The comment stung me like a scorpion, and the only possible reply would have included a description of it as stupid. But I managed to tame my anger for four weeks before approaching the young man from whose mouth came those unfortunate words.
That afternoon, I was busily working on a documentary at the production unit of my station, but they stood close enough to let in whatever they said. They were three of them, speaking about the deplorable leadership with which our nation has been cursed. As the lamentation went on, one of them thought he knew the cause of all the woes of the country in recent times.
“Don’t mind Mahama,” he said. “He has packed the Flagstaff House with confused Mpepefoɔ [Northerners] who don’t know anything and we are suffering.”
I have no patience or respect for people who judge others based on their ethnicity. I often lose my temper when dealing with such people. But on this occasion, I managed to restrain myself until my anger subsided before I confronted him.
Before I could remind him that the Chief of Staff, Mr Posper Bani, who was supervising the fine mess at the Presidency, was a member of his ethnic group and ask him whether it was fair to attribute the Chief of Staff’s performance to his ethnicity, he was humble enough to admit that his remark was unfortunate and duly apologized.
I could, however, not control myself when I recently logged on to Facebook and found a similar post by one Yoofi Stagger. He listed 18 ministers and deputy ministers from northern Ghana and added: “So how can Mahama … justify this northern dominance of his government, and yet they are not performing?”
A day earlier, I was with a PhD student from the Upper East Region and he shared his harrowing experience in a flight when he was returning from the United States recently. The discussion had moved beyond bad governance to the “incompetence of northerners.”
“The insults were just too much,” he said. “At a point, I thought of replying but looking at the number on the other side, it would have been useless arguing with them. I bowed throughout that discussion.”
He conceded that he wasn’t happy about the way the country was being managed and added that President Mahama’s poor performance could prove detrimental to politicians from Northern Ghana, such as Dr Mahamudu Bawumiah, who may have presidential ambitions in the future. At this stage, I disagreed with him. Though I didn’t tell him, I thought he was as guilty as those who had attacked northerners in the plane. In fact, he is not alone. Many prominent northerners I speak to express the same concern when they complain about how President Mahama’s government is faring.
Why should Dr Bawumiah atone for the sins of President Mahama? President Kufuor had his own flaws but they were not looked beyond him and his political party. Nobody equated President Kufuor’s failures to the Asante people or Southerners. No one ever equated President Atta Mills’ failures to Fantes or Southerners. When Eric Amoateng, a sitting member of parliament, was jailed for dealing in drugs, nobody talked about his ethnicity. And I am yet to hear anybody mention the ethnicity of Woyome when they criticize the manner in which he got the state to pay him GH¢51 million judgment debt.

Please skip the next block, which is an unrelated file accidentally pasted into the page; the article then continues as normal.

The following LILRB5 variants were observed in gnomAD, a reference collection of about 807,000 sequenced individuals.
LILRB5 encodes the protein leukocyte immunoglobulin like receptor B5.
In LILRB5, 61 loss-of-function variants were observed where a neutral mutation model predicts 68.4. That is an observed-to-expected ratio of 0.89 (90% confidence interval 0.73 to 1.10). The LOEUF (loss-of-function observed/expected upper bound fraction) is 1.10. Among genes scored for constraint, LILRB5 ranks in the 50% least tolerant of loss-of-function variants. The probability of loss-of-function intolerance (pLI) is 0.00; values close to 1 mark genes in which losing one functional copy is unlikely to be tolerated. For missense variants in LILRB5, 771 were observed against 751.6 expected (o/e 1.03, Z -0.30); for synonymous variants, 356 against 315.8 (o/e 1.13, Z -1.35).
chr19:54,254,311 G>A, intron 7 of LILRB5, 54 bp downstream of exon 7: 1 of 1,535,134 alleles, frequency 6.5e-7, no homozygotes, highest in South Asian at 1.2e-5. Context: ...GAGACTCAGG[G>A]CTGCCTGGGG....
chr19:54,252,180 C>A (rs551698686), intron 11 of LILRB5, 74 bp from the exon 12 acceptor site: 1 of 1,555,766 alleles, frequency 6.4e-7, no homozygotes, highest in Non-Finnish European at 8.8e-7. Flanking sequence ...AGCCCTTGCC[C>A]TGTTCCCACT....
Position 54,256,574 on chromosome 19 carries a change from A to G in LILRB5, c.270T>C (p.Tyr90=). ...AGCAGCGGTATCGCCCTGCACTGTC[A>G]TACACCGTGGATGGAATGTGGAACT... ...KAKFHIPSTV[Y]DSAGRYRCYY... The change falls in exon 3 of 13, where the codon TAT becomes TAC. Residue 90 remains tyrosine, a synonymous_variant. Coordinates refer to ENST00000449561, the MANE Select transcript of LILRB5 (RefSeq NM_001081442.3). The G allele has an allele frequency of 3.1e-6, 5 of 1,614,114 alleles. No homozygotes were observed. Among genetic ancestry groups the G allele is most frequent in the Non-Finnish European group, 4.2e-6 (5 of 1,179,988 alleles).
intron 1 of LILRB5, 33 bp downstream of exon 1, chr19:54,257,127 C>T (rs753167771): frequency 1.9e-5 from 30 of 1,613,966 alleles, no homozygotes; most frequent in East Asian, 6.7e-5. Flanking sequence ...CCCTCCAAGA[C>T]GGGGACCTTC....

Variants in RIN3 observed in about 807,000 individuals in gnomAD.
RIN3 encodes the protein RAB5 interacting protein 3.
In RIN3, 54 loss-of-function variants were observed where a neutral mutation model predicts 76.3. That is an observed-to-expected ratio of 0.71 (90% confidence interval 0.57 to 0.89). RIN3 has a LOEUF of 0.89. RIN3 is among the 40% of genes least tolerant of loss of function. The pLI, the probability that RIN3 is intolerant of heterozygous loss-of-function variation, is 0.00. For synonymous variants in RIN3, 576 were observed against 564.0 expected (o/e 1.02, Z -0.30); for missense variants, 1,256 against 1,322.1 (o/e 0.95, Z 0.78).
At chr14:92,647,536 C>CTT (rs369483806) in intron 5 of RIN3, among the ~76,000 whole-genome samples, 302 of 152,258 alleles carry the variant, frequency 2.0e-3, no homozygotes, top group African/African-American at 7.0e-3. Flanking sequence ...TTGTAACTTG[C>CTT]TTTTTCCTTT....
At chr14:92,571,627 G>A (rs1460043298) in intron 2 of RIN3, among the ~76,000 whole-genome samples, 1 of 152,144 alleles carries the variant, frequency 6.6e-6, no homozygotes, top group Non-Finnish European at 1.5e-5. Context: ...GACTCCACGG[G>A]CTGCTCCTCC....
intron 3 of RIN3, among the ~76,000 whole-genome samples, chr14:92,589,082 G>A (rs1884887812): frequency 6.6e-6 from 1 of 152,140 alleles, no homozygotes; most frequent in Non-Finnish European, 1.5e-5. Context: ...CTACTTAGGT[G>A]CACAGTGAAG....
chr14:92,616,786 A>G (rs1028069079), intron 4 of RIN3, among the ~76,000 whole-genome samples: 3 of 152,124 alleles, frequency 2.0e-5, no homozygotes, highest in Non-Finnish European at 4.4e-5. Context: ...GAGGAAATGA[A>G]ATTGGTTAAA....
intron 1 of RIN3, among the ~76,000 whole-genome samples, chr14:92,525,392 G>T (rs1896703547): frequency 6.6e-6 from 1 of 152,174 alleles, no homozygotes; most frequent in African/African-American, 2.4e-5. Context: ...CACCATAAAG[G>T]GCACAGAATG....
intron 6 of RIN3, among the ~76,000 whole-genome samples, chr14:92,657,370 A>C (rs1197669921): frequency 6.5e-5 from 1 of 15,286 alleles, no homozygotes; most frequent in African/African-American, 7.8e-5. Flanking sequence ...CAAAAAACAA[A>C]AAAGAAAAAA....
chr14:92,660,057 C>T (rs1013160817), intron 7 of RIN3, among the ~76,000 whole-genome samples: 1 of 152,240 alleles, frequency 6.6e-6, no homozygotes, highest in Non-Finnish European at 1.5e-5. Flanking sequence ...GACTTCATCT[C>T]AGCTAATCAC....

So why must every northerner pay for the actions or inactions of President Mahama? In order for easy identification, and to be able to assign responsibilities for their actions, every human being has a name. Why must others be held responsible for the actions of President Mahama just because they come from the northern part of the country when the same cannot be said of those from the south?
I have also heard a lot about the northern dominance such as the list presented by Yoofi Stagger. One reason I described his post on Facebook as stupid was the ignorance displayed by that post. The constitution talks about regional and ethnic balance when one is considering such appointments. What is often referred to as the north or northern Ghana is made up of three separate regions. So if you name 18 people from the north, you are talking about an average of 6 ministers from each region of the north. And you cannot talk about northern dominance when we have close to 100 ministers and deputy ministers.
Many Ghanaians will not be proud of the way the country is being managed. One does not have to be a northerner or southerner to be concerned about the poor performance of the Mahama led administration. But to suggest that Mahama’s incompetence has to do with the part of the country he comes from amounts to intellectual deficiency. It makes people, who would have collectively fought for the Better Ghana President Mahama and his party promised Ghanaians, sit on the fence and become ambivalent.
If there is one thing that has damaged the credibility and integrity of Mahama’s government, then that is certainly corruption. Who are the outstanding crusaders against corruption in Mahama’s government?
You cannot present a list that excludes, Martin Amidu, Anas Aremeyaw Anas, Manasseh Azure Awuni, Alban Bagbin and Vitus Azeem among others. All these persons come from the North.
We don’t have anything against President Mahama or the NDC. We know the President is one of our own. We are aware of the prejudice and a tag of dishonour one has to wear for being a northerner.
But we cannot keep quiet and allow someone to mismanage the country just because he is one of our own. Personally, I feel very hurt when these things are said because it appears my little effort in making this nation better turns out to be an insult to me and the people of the north.
When I was carrying out my GYEEDA investigations last year, I had the opportunity to come face-to-face with the CEO of Zoomlion and Chairman of the Jospong Group of Companies, Jospeh Siaw Agyapong. We spoke English. When I met the CEO of RLG and Chairman of the AGAMS Group of Companies, Roland Agambire, we spoke Gurune (Frafra). Throughout our conversation, he referred to me as his brother, and in a way, he was right. I see him as an elder brother, but should that ethnic consideration be above the national interest? No! So I went ahead and did the story as if I didn’t meet him.
The GYEEDA scandal has brought a lot of embarrassment to the Mahama administration and the dishonest way the government has handled the scandal is even more worrying. It is part of the reasons corruption tops as one of Mahama’s sins. If you risk your life and spearhead the a crusade for the good of your country and end up being insulted or tagged as incompetent because the person who was president at the time was from your part of the country, it hurts.
After all, business people and government officials would still have been using GYEEDA and SADA to siphon state resources. To be fair to Mahama, the rot didn’t start when Mahama was President. GYEEDA's rot started from President Kufuor's era. They were unraveled in Mahama's time and he was expected to act on them.